On the other hand, a number of points in the document address government administrative reform. It appears a significant effort will be undertaken to streamline and standardize government functions hierarchically and across China. One such point calls for "...transforming government functions, deepening administrative reform, ...strengthening government credibility and government power, and building a rule of law government and a service-style government." Another requires the party to "...correct the tendency of evaluating officials' achievements merely by the speed of economic growth, and expand the power of targets (in officials' evaluations) concerning resource depletion, debt growth, environmental damage, overcapacity, etc., and pay more attention to conditions of labor and employment, residents' incomes, social security and the people's health." This could prove to be a significant reform of government administration and measurement of success among party members. Under the current system, the most important measure of administrative success is economic growth in one's bailiwick. High growth rates equal promotion, whereas industrial overcapacity from unwarranted fixed asset investments, or environmental degradation from taking production as key without concern for the environmental costs have not been considered strikes against one's record. This may well be about to change.

Finally, the document calls for perfecting the financial market system and deepening fiscal structure reform. Among the specifics under financial markets include permitting small and medium sized private banks and other "financial organs." This measure should help to increase the supply of capital to private enterprises, now chronically starved for it. Other intended changes in this area are"... the completion of multi-level capital market systems , stock distribution and registration system reform, promotion of many channels for equity capital develop and standardize bond markets,...(and) reform of the insurance industry (to include) systems for huge disasters." Perfecting mechanisms for the "formation of Renminbi (China's currency) marketization" is also called for. This package includes easing restrictions on the bi-directional flow of cross border investment capital, increasing convertibility of cross-border capital and financial trading, and accelerating the process of Renminbi capital account convertibility.

Under fiscal structure reform, budget management "...must become completely standardized, open and transparent. Tax reform must be deepened, starting at the local level, and steadily raise the proportion of direct taxation." Much needed value added (consumption) tax reform will move forward with falling rates. High energy consumption, high pollution products and processes and at least some high-end consumer products will see significant tax increases. Individual income tax brackets and rates will be further rationalized, and real estate tax legislation will finally be approved and implemented, according to the reform document. Long-standing locality-to-center transfer payments that leave localities with unfunded mandates which force them to fund their budgets off-record or through real estate transactions resulting from land seizures are to be adjusted to favor localities.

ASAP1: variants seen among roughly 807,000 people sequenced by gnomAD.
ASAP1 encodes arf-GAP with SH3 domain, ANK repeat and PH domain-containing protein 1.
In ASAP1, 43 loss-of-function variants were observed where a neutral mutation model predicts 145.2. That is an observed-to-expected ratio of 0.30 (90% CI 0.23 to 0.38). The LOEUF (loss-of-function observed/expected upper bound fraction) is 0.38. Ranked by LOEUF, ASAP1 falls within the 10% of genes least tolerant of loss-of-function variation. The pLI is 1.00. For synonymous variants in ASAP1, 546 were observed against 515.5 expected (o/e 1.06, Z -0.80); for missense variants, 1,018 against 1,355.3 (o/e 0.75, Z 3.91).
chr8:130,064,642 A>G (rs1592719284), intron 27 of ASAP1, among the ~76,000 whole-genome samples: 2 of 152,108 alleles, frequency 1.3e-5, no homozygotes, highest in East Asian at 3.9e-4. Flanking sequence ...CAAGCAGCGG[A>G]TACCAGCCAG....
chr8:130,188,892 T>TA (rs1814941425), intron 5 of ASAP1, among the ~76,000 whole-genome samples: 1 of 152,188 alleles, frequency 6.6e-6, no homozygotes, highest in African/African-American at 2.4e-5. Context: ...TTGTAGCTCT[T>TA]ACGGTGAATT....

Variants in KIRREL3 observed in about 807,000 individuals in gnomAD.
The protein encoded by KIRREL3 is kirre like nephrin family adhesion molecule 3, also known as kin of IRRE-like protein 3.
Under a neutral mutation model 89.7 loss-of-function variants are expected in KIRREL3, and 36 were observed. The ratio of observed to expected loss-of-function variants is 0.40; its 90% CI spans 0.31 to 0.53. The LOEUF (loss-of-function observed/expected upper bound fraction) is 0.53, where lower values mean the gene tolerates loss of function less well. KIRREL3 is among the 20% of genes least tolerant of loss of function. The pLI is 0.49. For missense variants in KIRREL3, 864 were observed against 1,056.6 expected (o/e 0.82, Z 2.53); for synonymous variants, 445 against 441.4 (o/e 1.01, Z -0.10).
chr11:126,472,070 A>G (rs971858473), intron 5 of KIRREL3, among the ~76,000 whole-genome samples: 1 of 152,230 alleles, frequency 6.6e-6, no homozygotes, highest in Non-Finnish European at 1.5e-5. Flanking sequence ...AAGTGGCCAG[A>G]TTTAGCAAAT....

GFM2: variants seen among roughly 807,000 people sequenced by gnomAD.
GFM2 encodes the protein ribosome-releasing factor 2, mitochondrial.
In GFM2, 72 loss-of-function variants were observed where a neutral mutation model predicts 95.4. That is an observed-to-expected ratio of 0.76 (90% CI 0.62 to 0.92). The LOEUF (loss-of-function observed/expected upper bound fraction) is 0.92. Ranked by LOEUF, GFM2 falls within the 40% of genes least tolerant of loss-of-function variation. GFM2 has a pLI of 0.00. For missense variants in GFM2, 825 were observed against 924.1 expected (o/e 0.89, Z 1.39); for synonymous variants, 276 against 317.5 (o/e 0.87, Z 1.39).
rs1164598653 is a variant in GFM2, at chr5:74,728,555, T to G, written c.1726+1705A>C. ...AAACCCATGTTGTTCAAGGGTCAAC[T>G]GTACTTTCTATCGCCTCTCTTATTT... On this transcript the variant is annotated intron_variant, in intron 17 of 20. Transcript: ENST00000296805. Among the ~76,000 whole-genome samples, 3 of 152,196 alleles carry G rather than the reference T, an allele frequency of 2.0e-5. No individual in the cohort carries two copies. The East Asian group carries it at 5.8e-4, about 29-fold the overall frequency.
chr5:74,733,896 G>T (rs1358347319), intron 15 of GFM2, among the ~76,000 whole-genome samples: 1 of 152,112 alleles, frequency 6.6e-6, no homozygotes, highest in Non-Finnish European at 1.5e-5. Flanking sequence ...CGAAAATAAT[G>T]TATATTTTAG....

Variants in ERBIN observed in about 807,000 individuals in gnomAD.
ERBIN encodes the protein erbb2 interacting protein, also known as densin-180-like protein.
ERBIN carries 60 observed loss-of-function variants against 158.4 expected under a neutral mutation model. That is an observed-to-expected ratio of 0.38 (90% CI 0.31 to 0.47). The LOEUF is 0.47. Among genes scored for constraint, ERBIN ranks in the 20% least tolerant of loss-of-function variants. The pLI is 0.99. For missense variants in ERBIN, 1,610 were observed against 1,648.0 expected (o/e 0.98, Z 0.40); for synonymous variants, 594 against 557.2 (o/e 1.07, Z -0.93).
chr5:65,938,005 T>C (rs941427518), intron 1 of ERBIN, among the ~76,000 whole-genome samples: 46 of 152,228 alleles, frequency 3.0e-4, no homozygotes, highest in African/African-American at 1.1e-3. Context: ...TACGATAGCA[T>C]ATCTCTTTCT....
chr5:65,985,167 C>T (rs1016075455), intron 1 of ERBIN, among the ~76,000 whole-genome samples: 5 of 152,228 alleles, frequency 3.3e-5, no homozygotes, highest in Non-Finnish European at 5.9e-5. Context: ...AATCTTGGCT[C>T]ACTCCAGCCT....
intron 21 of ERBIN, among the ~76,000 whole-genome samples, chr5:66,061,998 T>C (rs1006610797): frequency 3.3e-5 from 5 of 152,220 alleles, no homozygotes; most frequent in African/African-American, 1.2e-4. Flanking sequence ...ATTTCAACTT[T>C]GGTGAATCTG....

To retain tighter control over the reform process established by the 60-point resolution, the party leadership also established two new central bodies with far-reaching responsibilities and authority. One is a National Security Committee to coordinate domestic and foreign issues and the responses to them. Although the exact functions of this committee have yet to be delineated, it appears the NSC would take control of the various security agencies and ministries including the Ministry of Defense and (in the event of a foreign origin issue) the Ministry of Foreign Affairs. It is thought at this point that the new Chinese NSC would function something like a combination or the US' NSC, along with the Department of Homeland Security and a dollop or more of FEMA - depending on the nature of the crisis. The important point is that national security issues now have a structure that places them directly under the control of Party Secretary Xi Jinping. Although it is possible that a director for the NSC will be appointed to handle day-to-day operations, there is no question that a director – if there is one – would report directly and only to Xi.

Similarly, to direct the implementation of the 60-point reform document, a Leading Small Group to Deepen Reform has been created. This small group will most likely be chaired by Xi Jinping and serve to drive the reforms forward in the face of lethargy, or outright resistance.

Is it enough and will it work?

The above are only some of the more important highlights from one of the most detailed and potentially far reaching reform plans in China's modern history. Its scope at least matches a similar document promulgated at the party congress in late 1978 that launched reform and opening. This is clearly a blueprint for attaining the party's goal – established during the Hu Jintao era over the last decade – of repositioning China as a post-industrial economy whose growth will henceforth be driven by domestic consumption. As was the case in 1978, the push for far-reaching reform this year was inspired not by an embrace of reform for reform's sake, but to try to head off growing popular dissatisfaction with the party resulting from a failing economic model and stagnant or declining living standards, pollution so bad that it is lowering life expectancy through much of China, official corruption, and a wealth gap between a handful of China's richest (and most corrupt) and everyone else. The implicit compact established in 1989 – "you are free to get rich, but stay out of politics" – has never been as threatened as it is today.